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Israel Is an Occupier With a Duty To Protect

Author: Henry Siegman, Former Senior Fellow and Former Director for the U.S./Middle East Project
April 22, 2003
Financial Times

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A frequent complaint of Israel's government and its supporters is that the country is subjected by the international community to double standards. Even President George W. Bush, from Israel's point of view an exemplary supporter of Ariel Sharon, its prime minister, is suspected of double standards in calling for the resumption of apolitical process that entails changes in Israel's behaviour towards the Palestinians. The Israeli lobby is campaigning to get the US Congress to press Mr Bush to soften his support of the "road map" to peace.

The latest evidence of this double standard, according to Israeli commentators, is the absence of international condemnation of the "collateral damage" inflicted by coalition forces on Iraqi civilians. The world accepts, they maintain, the unavoidable killing and maiming of Iraqi civilians by US and UK forces while criticising Israel for causing civilian casualties during its incursions into the West Bank and Gaza and extrajudicial killings of suspected Palestinian terrorists. What is more, Israelis note, this criticism of Israel did not prevent coalition forces from turning to the Israeli Defence Force for advice on urban warfare based on last year's assault on Jenin.

Mr Sharon and his military commanders are convinced that the way to end Palestinian terror and to restore Israel's security is to inflict on Palestinians a devastating military defeat. In the words of General Moshe Ya'alon, the IDF's chief of staff, the aim is to lead Palestinians to internalise "in the deepest recesses of their consciousness that they are a defeated people".

The notion that there are similarities between the Sharon government's objective of humiliating an entire people and the US-UK military goal in Iraq is a measure of the Israelis' lack of insight into their own situation.

International law recognises a major difference between the rules that apply in a war between armies and an occupying power, for an occupying army has special obligations to the population under its control. Thus, when military activities ended in Iraq, entirely new standards of conduct were applied to the coalition force. They are now judged by how well they protect and meet the needs of a civilian population under their occupation. That is why the US now faces international criticism for failing to prevent looting and lawlessness in Iraq and for delays in re-supplying power and drinking water, and in repairing infrastructure.

It seems not to register with many Israelis that they are occupiers and as such have inescapable responsibilities towards those in their custody and an obligation to end the occupation as speedily as possible. It is an obligation reinforced by Israel's decision after the 1967 war not to grant citizenship and equal rights in the Jewish state to the Palestinian population of the West Bank and Gaza, even in return for Israel's permanent retention of the occupied territories. The inescapable corollary of this decision is that Israel must grant Palestinians the right to their own state. The alternative is permanent disenfranchisement and subjugation of the Palestinians.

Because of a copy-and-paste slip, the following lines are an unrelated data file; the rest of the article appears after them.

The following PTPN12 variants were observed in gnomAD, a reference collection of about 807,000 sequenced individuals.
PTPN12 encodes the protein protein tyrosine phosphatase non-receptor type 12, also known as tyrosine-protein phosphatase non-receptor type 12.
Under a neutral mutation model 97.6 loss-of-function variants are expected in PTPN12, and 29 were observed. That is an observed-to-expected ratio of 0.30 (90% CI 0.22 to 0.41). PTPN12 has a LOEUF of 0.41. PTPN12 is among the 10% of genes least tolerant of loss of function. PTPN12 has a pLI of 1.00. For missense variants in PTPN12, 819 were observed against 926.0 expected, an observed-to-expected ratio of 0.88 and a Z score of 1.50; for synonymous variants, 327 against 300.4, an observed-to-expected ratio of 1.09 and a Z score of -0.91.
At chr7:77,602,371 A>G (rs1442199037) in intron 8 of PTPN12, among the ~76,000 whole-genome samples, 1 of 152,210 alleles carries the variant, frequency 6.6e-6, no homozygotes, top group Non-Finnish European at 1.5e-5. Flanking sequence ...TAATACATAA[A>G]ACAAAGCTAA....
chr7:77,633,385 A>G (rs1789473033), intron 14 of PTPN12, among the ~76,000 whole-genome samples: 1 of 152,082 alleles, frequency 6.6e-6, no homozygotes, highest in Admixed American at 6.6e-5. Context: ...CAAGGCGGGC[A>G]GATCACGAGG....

Palestinians are not the only ethnic minority denied separate statehood. The Kurds, the Albanians in Kosovo, and others have been denied a separate homeland. In the case of the Kurds and the Kosovo Albanians, the international community intervened so they would at least be granted the same rights as the majority. However, Palestinians are the only ethnic group denied by their occupiers both Israeli citizenship (which in any case Palestinians do not want) and separate statehood. Mr Sharon's notion of a Palestinian "state" in less than 50 per cent of the West Bank and in parts of Gaza would create South African style bantustans entirely under Israel's control.

The Sharon-led government opposes a viable Palestinian state, and a political process that may result in one, on the grounds that it would serve as a haven for Palestinian terrorism impossible for Israel to control. It is a disingenuous argument. The contrary is the case: it would be far easier for Israel to deal with terrorism from a neighbouring state than terrorism from 3.5m people it is deeply intertwined with and whose national aspirations it represses. This, too, is the lesson of Iraq, where the US and Britain devastated Iraqi forces using measures they could never have used against an occupied population.

But it is Israel's own experience that best demonstrates the difference between internal terrorism and state-sponsored terrorism. There is no cross-border terrorism into Israel from any of Israel's Arab neighbours. This is not because any of them have a special affection for Israel, but because they have experienced the devastating price of allowing such terrorism. And the terrorism Israel failed to subdue when it occupied southern Lebanon for two decades ended immediately when Israel withdrew and threatened a full-blown war should terrorism continue. There is no reason to doubt that a neighbouring Palestinian state would be similarly constrained.

So it is not the danger of terrorism from a Palestinian state that explains Mr Sharon's resistance to the "road map". As indicated by his opposition to every peace move by Labour and Likud governments alike, it is his goal of maintaining Israeli control over all of the territories that continues to determine his approach to the Palestinians.


The writer is a senior fellow at the Council on Foreign Relations.

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